ISSN (Print) - 0012-9976 | ISSN (Online) - 2349-8846

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Democracy and Judicial Review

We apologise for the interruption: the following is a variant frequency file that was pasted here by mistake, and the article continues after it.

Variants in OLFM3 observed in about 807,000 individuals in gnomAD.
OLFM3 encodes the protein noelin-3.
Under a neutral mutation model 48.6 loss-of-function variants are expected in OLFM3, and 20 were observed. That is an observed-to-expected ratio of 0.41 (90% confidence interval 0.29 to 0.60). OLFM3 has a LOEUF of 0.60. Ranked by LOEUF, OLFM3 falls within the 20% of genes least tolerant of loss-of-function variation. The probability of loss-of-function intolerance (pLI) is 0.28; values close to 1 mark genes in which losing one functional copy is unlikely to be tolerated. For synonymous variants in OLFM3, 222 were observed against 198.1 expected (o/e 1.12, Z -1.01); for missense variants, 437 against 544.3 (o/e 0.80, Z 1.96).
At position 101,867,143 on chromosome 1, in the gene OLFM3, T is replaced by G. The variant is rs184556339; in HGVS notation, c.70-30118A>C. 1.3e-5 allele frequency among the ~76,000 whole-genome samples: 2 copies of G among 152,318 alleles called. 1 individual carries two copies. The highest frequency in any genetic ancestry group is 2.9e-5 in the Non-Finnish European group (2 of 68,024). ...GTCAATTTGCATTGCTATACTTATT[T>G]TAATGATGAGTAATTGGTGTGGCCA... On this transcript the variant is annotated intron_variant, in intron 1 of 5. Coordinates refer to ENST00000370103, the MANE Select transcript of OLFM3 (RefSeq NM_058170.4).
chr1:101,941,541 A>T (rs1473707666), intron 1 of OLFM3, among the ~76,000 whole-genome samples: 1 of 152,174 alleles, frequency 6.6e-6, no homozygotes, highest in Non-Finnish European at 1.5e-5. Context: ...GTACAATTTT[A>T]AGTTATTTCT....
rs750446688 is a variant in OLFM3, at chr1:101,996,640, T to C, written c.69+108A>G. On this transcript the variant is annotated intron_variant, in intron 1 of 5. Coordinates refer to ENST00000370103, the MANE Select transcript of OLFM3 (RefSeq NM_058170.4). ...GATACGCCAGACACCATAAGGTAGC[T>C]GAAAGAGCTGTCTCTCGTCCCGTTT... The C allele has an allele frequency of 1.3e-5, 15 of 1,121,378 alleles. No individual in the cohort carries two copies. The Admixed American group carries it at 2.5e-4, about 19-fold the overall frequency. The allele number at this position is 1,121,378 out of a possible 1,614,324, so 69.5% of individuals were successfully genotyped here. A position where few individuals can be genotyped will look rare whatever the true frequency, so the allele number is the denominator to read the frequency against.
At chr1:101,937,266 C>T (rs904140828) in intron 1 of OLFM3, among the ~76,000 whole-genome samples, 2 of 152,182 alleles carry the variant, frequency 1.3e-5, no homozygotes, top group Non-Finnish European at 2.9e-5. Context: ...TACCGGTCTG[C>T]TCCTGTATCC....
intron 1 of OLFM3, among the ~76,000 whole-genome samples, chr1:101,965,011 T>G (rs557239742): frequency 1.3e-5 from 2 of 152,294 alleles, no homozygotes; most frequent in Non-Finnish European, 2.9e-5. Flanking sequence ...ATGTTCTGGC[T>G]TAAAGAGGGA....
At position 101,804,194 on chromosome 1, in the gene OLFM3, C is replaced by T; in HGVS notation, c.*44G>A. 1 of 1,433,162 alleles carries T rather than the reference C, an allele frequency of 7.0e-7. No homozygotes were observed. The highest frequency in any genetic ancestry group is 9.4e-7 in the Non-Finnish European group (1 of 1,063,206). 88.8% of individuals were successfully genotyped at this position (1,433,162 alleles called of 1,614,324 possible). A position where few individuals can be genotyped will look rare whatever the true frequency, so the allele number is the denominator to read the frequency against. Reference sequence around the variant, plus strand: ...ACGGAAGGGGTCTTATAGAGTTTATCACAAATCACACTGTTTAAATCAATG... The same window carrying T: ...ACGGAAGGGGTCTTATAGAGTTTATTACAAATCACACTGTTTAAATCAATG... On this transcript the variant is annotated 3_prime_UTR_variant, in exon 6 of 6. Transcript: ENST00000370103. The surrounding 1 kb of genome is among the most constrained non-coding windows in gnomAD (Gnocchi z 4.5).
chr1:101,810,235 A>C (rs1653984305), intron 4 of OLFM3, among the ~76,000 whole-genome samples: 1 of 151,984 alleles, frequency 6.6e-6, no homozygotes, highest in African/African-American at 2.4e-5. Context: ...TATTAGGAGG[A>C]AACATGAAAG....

S P Sathe Judicial and Constitutional Democracy in India by T R Andhyarujina, N M Tripathi, 1992; Rs 65. LEGITIMACY of judicial review in democratic polity has always been debated. Judicial review means power of the courts to decide the legality of the actions of the other organs of government. In England, where parliament is supreme, the courts have to be content with judicial review of the executive action whereas in the US and in India, where there are written constitutions, the courts have to undertake scrutiny of the legislative actions also. Judicial review is doubtless a counter-majoritarian device. It is justified on the ground that the courts exercising such power are enforcing the will of the permanent majority as against the temporary majority in the legislature. The permanent majority is supposed to have made the constitution. In fact, such counter-majoritarianism is implicit in a written constitution and more so if it contains guarantees of certain fundamental rights. Freedom of speech and expression is essentially a right to dissent and is an anti-majoritarian right. Therefore justice Jackson of the US Supreme Court had remarked that such rights do not depend upon any vote.' Andhyarujina in this lucid monograph observes that the Indian Supreme Court has transcended the legitimate bounds of such counter majoritarianism and has usurped power which ought to vest in the sovereign legislature. He has in mind the decision of the supreme court in Keshava- nand Bharati case2 where the court has held that the power of constitutional amendment given to parliament by Article 168 of the constitution could not extend 10 the destruction of its basic structure. Since what was the basic structure was not mentioned in the constitution, it became an inarticulate premise of the apex court. This decision, according to the author, vests in the court a power which is totally "inconsistent with constitutional democracy" (p 10).

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